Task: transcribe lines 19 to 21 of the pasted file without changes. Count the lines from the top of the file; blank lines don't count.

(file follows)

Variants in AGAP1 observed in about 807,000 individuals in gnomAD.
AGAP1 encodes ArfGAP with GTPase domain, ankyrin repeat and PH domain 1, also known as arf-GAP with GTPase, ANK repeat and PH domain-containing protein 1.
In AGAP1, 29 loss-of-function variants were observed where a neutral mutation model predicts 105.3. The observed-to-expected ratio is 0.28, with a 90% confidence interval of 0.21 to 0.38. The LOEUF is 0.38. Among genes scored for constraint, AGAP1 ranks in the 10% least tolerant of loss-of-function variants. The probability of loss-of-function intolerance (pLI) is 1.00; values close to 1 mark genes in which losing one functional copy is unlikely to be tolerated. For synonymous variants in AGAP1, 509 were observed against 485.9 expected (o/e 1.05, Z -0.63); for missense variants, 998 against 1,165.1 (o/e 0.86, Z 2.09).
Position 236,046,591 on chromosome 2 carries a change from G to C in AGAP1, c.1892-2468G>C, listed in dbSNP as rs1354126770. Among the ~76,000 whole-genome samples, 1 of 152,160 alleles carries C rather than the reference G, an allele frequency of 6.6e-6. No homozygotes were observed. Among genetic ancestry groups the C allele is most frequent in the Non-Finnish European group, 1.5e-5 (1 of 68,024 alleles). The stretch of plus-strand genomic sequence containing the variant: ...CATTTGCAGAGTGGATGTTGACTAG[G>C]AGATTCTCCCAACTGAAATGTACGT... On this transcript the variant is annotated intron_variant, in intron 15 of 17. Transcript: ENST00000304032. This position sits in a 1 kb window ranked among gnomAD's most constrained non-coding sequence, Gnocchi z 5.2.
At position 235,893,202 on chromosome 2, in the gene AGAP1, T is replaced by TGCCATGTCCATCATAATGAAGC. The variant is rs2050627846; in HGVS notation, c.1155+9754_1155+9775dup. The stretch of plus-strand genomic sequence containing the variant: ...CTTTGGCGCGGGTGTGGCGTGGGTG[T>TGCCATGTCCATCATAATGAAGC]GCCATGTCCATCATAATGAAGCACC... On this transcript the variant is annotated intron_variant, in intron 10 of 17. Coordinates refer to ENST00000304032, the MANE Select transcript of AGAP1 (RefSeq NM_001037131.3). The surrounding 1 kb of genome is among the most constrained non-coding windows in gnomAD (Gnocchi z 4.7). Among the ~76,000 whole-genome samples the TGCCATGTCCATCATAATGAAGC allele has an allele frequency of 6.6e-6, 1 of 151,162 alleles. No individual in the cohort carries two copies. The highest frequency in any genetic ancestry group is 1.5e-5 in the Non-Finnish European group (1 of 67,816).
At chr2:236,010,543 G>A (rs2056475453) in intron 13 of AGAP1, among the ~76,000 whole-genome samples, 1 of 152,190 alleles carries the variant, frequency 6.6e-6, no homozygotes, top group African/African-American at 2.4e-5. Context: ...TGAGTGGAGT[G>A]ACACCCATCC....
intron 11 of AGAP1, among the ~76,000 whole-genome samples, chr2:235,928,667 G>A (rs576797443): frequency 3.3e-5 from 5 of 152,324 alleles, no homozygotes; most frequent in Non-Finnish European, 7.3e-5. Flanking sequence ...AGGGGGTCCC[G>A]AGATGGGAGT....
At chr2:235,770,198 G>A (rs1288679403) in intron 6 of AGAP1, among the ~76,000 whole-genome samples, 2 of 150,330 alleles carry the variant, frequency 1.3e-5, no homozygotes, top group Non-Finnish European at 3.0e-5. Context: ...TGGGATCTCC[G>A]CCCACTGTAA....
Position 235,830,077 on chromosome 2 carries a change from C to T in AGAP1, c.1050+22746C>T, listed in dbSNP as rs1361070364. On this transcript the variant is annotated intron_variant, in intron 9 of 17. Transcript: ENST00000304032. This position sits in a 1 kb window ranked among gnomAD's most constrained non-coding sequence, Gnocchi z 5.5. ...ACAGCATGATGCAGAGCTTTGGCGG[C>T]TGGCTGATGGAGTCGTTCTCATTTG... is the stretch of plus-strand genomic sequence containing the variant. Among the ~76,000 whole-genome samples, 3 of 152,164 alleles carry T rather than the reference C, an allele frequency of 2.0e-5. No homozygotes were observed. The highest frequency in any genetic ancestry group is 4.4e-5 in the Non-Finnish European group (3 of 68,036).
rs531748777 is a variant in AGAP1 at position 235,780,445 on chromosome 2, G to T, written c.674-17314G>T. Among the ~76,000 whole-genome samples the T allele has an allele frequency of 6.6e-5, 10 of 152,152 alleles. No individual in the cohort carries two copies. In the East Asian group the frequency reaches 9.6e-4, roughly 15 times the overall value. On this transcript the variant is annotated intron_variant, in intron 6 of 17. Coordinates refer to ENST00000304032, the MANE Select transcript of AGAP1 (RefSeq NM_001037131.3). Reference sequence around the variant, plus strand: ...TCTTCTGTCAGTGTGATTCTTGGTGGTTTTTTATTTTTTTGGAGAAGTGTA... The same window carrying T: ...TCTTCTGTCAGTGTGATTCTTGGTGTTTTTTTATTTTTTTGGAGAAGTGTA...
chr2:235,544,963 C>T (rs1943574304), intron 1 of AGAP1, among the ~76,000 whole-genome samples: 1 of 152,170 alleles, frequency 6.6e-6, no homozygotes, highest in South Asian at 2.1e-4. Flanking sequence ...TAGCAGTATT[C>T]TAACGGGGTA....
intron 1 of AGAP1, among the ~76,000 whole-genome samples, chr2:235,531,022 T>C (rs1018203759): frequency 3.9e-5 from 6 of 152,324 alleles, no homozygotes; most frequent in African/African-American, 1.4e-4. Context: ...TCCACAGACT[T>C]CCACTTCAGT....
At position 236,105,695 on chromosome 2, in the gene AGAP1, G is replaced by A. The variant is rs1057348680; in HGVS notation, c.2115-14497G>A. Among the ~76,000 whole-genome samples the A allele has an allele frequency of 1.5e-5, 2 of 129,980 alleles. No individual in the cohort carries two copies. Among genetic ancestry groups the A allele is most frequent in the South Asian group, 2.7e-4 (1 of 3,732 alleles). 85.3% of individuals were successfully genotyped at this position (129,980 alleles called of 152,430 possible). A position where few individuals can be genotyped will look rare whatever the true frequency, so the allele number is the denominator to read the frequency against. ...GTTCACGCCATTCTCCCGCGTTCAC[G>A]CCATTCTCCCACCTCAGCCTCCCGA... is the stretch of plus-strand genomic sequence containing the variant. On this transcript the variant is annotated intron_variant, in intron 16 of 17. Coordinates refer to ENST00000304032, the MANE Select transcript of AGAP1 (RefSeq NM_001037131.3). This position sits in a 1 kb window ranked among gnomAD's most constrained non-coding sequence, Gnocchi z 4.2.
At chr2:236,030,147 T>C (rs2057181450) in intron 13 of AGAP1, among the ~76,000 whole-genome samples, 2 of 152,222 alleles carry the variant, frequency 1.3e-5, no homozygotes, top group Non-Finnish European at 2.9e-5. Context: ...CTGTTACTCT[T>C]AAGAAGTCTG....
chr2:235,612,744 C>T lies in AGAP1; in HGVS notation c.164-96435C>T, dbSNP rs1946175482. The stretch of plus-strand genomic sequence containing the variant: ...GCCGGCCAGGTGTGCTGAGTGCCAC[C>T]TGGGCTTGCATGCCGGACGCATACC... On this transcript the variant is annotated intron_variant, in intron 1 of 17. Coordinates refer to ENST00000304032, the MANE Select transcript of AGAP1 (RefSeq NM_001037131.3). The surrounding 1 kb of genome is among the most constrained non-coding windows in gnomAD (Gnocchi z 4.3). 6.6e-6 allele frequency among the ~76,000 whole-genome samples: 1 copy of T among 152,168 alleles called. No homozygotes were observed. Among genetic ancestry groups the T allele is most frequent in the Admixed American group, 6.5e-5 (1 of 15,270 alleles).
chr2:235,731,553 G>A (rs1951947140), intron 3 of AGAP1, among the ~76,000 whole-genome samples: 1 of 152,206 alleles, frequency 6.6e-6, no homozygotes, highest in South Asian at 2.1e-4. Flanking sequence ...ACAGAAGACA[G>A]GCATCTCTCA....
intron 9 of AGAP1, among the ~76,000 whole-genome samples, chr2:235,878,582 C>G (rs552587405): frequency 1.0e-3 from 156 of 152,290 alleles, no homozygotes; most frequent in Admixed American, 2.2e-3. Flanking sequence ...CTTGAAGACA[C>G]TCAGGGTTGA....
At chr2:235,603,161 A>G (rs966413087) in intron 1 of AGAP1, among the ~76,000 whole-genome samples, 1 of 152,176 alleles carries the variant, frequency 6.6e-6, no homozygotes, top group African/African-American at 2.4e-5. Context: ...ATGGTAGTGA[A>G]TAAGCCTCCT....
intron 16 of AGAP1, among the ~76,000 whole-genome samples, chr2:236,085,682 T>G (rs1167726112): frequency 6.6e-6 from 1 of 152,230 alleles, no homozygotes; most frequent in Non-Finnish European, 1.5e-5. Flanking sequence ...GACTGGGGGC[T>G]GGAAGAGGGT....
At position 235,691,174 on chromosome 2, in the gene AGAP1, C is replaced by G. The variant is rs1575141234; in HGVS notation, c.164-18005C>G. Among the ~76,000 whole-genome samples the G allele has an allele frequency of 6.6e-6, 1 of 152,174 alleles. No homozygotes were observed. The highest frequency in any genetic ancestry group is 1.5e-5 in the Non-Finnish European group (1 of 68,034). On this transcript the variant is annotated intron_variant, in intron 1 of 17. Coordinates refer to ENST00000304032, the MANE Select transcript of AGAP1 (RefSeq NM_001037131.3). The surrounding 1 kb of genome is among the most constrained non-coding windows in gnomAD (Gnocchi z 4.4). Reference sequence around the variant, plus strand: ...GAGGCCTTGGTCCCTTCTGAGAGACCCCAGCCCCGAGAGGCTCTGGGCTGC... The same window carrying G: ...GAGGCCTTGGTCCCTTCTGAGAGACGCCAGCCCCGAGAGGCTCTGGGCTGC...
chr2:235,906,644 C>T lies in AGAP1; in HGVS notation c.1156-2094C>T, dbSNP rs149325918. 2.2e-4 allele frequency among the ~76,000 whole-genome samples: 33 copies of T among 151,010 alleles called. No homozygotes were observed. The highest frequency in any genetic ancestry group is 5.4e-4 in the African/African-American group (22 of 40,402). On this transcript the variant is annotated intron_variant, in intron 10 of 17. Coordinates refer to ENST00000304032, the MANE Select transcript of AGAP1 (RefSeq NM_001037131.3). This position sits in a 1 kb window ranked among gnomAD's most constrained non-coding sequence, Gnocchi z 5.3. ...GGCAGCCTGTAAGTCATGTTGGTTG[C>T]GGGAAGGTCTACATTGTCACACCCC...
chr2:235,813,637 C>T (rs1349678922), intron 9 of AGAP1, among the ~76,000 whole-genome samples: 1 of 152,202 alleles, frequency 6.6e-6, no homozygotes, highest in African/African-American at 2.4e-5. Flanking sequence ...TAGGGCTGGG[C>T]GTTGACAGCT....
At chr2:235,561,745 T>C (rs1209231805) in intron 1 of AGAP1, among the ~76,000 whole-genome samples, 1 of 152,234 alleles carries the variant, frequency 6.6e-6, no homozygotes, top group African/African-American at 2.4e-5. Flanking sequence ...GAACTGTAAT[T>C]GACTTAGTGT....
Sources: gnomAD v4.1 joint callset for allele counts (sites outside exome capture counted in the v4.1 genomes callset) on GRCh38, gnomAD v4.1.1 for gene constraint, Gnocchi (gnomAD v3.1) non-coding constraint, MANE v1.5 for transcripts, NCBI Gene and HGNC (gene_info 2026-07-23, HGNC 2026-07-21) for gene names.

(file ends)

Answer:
intron 16 of AGAP1, among the ~76,000 whole-genome samples, chr2:236,085,682 T>G (rs1167726112): frequency 6.6e-6 from 1 of 152,230 alleles, no homozygotes; most frequent in Non-Finnish European, 1.5e-5. Flanking sequence ...GACTGGGGGC[T>G]GGAAGAGGGT....
At position 235,691,174 on chromosome 2, in the gene AGAP1, C is replaced by G. The variant is rs1575141234; in HGVS notation, c.164-18005C>G. Among the ~76,000 whole-genome samples the G allele has an allele frequency of 6.6e-6, 1 of 152,174 alleles. No homozygotes were observed. The highest frequency in any genetic ancestry group is 1.5e-5 in the Non-Finnish European group (1 of 68,034). On this transcript the variant is annotated intron_variant, in intron 1 of 17. Coordinates refer to ENST00000304032, the MANE Select transcript of AGAP1 (RefSeq NM_001037131.3). The surrounding 1 kb of genome is among the most constrained non-coding windows in gnomAD (Gnocchi z 4.4). Reference sequence around the variant, plus strand: ...GAGGCCTTGGTCCCTTCTGAGAGACCCCAGCCCCGAGAGGCTCTGGGCTGC... The same window carrying G: ...GAGGCCTTGGTCCCTTCTGAGAGACGCCAGCCCCGAGAGGCTCTGGGCTGC...
chr2:235,906,644 C>T lies in AGAP1; in HGVS notation c.1156-2094C>T, dbSNP rs149325918. 2.2e-4 allele frequency among the ~76,000 whole-genome samples: 33 copies of T among 151,010 alleles called. No homozygotes were observed. The highest frequency in any genetic ancestry group is 5.4e-4 in the African/African-American group (22 of 40,402). On this transcript the variant is annotated intron_variant, in intron 10 of 17. Coordinates refer to ENST00000304032, the MANE Select transcript of AGAP1 (RefSeq NM_001037131.3). This position sits in a 1 kb window ranked among gnomAD's most constrained non-coding sequence, Gnocchi z 5.3. ...GGCAGCCTGTAAGTCATGTTGGTTG[C>T]GGGAAGGTCTACATTGTCACACCCC...